A cub is missing from the Sparta Pride. Sub-adult would be a more accurate term, but whatever the nomenclature, there is, unfortunately, a distinct possibility that the young lion may be dead.
In a predator-rich area such as the Sabi Sands, the three first-time mothers of the Sparta pride have so far done a tremendous job in keeping 7 out of 8 cubs alive.
Three litters were born to these lionesses around the middle of last year (Litters of three, three and two), and only one fatality occurred early on. Lion cubs traditionally have a very high mortality rate, so we were in awe of these lionesses who with only one experienced female left in the pride (who sadly died earlier this year) kept their cubs out of harms way and provided enough food for them to survive on during the most dangerous months of the young lions’ lives.
The most important factor at play in cub survival is the stability of the male population, and with the Majingilane reigning supreme the Sparta pride has been able to avoid encounters with rival males, who would no doubt kill the cubs should they happen upon them. Hyenas ar another danger for lion cubs, yet with a drop in hyena numbers since the arrival of the Majingilane, the threat has been significantly lessened.
The Sparta sub-adults are all roughly a year or a little over, and after one year of age cub mortality drops off exponentially. We were therefore hopeful that the cubs would all make it through.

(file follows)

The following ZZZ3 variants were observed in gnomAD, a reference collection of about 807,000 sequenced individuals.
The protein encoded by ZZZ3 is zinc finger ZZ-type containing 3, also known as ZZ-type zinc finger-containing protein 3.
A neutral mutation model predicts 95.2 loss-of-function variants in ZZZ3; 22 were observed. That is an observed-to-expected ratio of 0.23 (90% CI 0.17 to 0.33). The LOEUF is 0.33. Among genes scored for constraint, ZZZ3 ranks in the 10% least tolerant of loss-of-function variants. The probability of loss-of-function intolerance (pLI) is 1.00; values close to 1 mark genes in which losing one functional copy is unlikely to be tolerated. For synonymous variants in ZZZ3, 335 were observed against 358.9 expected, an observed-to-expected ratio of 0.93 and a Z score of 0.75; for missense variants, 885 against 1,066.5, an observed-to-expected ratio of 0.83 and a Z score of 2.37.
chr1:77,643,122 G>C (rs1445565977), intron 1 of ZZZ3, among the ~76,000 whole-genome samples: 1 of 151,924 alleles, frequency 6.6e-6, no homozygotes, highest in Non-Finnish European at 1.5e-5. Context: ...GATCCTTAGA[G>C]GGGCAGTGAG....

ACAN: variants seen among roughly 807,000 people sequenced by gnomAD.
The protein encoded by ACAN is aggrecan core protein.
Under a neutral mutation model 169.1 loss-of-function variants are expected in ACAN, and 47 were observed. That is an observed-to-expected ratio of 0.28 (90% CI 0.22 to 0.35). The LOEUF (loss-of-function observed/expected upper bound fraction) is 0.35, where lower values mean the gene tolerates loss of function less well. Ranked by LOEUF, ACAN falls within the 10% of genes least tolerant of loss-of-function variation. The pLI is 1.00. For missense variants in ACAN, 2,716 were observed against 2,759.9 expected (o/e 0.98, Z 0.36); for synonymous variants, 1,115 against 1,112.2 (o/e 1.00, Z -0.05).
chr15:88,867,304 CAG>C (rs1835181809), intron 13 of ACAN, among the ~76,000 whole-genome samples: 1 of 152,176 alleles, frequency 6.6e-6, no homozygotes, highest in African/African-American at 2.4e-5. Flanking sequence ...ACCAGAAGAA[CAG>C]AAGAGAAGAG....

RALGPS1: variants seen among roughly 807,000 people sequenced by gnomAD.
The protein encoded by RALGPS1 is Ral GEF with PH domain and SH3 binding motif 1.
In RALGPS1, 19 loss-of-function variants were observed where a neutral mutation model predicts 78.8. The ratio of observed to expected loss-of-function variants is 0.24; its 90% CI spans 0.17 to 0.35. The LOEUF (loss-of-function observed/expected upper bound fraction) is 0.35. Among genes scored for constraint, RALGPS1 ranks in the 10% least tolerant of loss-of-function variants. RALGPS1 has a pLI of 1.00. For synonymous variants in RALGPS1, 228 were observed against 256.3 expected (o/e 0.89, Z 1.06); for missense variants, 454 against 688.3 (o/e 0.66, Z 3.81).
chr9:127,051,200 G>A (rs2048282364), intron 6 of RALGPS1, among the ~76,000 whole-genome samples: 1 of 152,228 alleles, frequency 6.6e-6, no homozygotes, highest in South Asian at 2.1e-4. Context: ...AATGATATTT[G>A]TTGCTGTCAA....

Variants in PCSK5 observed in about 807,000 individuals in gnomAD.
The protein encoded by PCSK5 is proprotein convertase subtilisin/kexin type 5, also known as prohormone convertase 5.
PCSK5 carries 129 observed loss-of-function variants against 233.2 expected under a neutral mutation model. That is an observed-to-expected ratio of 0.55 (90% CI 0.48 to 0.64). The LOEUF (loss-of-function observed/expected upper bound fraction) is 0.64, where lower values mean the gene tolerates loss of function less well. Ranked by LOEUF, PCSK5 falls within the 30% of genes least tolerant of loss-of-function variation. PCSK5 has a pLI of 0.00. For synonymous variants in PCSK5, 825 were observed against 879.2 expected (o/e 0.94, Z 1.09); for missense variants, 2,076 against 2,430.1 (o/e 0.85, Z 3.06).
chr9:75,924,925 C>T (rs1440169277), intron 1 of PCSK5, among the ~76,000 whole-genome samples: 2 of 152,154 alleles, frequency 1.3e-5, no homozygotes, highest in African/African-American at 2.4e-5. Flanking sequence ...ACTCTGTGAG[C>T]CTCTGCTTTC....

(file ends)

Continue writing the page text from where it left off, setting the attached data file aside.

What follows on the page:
So what has happened to the missing cub? The answer is that we simply don’t know.
Most pride activity takes place under the cover of darkness when no-one is around, and if a cub gets killed late at night, it is usually labelled as ‘missing’ when the pride is next found.
Such is the case here.
We don’t want to get our hopes up that the cub may yet reappear, as chances are slim.
It was over a week ago that the whole pride of 10 was last seen together. On a morning in which all of the Majingilane were accounted for, the roars of a lion could still be herd emanating from the woodlands in the south-east. It was not one of the coalition, so it is presumed that it was the mother of the missing sub-adult, trying to call him. His tracks were found near the Maxabene riverbed, heading towards the Sand River itself, but nothing has been seen or heard of him for over a week, and we expect the worst…
We don’t know why he became separated from the pride and we don’t know if he is alive or dead. All we know is that when the Sparta pride were found this morning, there were still only 9 lions there…
Written and photographed by James Tyrrell
Filed under Wildlife
So sad but hopefully he’s out there somewhere
Please keep us updated.
Let’s just hope
I’m with Carol…let’s just hope. Hard to be ok with the circle of life sometimes….
That’s sad news! I think when you work in the bush and see all these wonderful animals on a daily/weekly basis, you get very “attached” to them and one can’t help but feel the loss 🙁
praying for him
Did the young male every show up again? thanks heaps.
never mind, just read the sightings. yes he did show up. thanks heaps.